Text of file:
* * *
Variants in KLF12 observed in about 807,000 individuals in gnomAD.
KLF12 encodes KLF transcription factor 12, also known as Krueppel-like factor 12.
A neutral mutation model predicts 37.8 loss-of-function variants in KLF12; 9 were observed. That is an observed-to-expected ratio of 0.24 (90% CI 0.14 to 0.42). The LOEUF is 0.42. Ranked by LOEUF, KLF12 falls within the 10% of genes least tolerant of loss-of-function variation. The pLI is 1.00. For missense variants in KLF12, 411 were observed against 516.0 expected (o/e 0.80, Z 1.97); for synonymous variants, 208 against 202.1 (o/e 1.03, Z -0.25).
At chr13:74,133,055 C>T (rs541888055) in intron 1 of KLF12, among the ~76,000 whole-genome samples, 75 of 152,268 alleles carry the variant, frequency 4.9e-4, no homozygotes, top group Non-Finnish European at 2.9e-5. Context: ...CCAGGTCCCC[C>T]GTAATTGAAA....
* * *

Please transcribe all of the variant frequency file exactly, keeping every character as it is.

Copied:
Variants in KLF12 observed in about 807,000 individuals in gnomAD.
KLF12 encodes KLF transcription factor 12, also known as Krueppel-like factor 12.
A neutral mutation model predicts 37.8 loss-of-function variants in KLF12; 9 were observed. That is an observed-to-expected ratio of 0.24 (90% CI 0.14 to 0.42). The LOEUF is 0.42. Ranked by LOEUF, KLF12 falls within the 10% of genes least tolerant of loss-of-function variation. The pLI is 1.00. For missense variants in KLF12, 411 were observed against 516.0 expected (o/e 0.80, Z 1.97); for synonymous variants, 208 against 202.1 (o/e 1.03, Z -0.25).
At chr13:74,133,055 C>T (rs541888055) in intron 1 of KLF12, among the ~76,000 whole-genome samples, 75 of 152,268 alleles carry the variant, frequency 4.9e-4, no homozygotes, top group Non-Finnish European at 2.9e-5. Context: ...CCAGGTCCCC[C>T]GTAATTGAAA....